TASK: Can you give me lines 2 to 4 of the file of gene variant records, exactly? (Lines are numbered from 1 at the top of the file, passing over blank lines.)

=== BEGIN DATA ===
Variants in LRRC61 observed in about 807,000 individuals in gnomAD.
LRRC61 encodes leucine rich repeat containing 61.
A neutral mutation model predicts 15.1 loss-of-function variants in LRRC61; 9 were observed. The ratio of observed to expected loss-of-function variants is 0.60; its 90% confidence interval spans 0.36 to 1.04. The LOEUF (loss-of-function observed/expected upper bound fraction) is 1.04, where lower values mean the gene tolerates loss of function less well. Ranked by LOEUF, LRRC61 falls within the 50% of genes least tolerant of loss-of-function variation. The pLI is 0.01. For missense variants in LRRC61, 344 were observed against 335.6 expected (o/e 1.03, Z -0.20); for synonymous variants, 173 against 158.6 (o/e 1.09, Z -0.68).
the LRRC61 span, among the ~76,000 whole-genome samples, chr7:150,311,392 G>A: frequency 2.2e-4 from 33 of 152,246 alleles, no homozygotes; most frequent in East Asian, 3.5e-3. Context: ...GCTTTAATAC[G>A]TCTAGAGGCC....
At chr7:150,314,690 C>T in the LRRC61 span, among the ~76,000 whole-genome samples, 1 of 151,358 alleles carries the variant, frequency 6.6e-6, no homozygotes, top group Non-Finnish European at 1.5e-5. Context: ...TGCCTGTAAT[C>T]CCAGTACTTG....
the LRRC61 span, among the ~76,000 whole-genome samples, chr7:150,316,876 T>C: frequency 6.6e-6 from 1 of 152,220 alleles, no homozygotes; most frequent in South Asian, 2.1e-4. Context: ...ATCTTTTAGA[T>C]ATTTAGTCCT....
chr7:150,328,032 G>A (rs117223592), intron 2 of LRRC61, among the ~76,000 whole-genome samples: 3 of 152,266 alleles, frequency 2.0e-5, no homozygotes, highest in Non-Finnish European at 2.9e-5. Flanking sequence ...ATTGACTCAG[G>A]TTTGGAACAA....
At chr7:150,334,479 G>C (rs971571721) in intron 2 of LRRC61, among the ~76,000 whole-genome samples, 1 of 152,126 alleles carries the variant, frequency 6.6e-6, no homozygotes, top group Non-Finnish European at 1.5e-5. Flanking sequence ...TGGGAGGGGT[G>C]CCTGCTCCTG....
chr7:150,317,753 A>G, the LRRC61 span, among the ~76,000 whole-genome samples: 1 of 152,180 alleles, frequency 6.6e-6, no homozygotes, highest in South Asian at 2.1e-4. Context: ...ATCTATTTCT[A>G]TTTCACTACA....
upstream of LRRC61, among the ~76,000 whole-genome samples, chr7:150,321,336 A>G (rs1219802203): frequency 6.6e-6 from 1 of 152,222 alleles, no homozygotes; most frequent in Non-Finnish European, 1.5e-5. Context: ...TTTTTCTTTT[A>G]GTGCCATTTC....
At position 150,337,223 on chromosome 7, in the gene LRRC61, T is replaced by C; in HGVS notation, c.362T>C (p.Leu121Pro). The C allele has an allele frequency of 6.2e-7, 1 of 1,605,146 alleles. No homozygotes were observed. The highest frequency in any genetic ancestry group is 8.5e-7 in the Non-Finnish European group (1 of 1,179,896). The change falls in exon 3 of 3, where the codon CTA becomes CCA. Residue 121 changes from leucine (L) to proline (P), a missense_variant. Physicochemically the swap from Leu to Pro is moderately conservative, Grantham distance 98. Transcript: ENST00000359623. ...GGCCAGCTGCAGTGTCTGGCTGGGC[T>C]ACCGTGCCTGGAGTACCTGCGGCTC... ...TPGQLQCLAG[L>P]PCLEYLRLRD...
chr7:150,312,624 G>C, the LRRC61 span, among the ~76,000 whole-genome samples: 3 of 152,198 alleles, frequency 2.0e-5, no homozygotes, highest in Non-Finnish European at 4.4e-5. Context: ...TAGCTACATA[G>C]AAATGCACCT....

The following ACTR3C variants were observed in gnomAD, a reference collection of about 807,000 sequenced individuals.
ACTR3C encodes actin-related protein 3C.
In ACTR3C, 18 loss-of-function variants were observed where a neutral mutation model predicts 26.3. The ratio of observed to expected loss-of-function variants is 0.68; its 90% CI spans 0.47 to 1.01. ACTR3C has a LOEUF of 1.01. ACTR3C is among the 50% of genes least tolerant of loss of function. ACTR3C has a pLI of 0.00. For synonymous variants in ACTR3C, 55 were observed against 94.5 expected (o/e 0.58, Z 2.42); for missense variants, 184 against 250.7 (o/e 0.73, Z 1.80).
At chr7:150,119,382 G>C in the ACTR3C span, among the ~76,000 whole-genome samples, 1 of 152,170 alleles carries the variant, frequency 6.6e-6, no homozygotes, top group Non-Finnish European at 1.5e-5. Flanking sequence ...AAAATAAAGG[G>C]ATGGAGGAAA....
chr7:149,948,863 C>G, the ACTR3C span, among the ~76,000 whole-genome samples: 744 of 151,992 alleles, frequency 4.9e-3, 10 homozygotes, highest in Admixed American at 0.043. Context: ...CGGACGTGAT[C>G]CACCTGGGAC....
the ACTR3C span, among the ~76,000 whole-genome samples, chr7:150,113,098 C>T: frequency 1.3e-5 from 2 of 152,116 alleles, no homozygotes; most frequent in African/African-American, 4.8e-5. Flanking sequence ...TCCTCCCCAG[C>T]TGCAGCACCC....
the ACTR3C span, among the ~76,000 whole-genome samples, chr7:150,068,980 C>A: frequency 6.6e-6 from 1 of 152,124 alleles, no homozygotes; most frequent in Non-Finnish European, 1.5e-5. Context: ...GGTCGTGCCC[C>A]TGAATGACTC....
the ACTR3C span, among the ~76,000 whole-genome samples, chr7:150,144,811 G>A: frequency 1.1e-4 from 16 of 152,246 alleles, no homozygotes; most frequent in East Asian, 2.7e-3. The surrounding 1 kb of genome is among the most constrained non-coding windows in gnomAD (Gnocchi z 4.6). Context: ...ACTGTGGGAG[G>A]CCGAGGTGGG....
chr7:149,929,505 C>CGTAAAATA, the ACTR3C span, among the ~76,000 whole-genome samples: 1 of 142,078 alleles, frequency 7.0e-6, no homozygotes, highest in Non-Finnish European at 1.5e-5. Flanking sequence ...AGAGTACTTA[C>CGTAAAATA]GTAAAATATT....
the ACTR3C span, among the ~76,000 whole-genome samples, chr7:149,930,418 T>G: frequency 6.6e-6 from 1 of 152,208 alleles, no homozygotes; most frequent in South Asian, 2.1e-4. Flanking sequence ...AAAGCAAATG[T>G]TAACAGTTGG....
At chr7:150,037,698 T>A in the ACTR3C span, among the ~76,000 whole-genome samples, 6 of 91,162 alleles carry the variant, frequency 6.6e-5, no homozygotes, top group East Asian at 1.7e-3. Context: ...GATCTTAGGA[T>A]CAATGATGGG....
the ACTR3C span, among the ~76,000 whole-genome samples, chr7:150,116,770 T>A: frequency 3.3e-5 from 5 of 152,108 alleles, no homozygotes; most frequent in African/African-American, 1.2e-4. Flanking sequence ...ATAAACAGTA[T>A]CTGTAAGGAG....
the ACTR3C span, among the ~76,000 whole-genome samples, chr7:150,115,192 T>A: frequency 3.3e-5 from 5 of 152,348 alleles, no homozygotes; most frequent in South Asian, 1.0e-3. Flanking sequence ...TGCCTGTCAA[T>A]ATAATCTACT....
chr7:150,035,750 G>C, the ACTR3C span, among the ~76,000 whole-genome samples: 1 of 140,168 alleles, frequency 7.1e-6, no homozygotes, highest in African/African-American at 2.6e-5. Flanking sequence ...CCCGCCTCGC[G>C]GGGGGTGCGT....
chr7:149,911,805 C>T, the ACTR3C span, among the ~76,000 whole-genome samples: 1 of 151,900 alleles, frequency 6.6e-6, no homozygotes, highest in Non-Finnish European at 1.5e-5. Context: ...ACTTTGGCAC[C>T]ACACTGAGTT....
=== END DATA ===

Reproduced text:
LRRC61 encodes leucine rich repeat containing 61.
A neutral mutation model predicts 15.1 loss-of-function variants in LRRC61; 9 were observed. The ratio of observed to expected loss-of-function variants is 0.60; its 90% confidence interval spans 0.36 to 1.04. The LOEUF (loss-of-function observed/expected upper bound fraction) is 1.04, where lower values mean the gene tolerates loss of function less well. Ranked by LOEUF, LRRC61 falls within the 50% of genes least tolerant of loss-of-function variation. The pLI is 0.01. For missense variants in LRRC61, 344 were observed against 335.6 expected (o/e 1.03, Z -0.20); for synonymous variants, 173 against 158.6 (o/e 1.09, Z -0.68).
the LRRC61 span, among the ~76,000 whole-genome samples, chr7:150,311,392 G>A: frequency 2.2e-4 from 33 of 152,246 alleles, no homozygotes; most frequent in East Asian, 3.5e-3. Context: ...GCTTTAATAC[G>A]TCTAGAGGCC....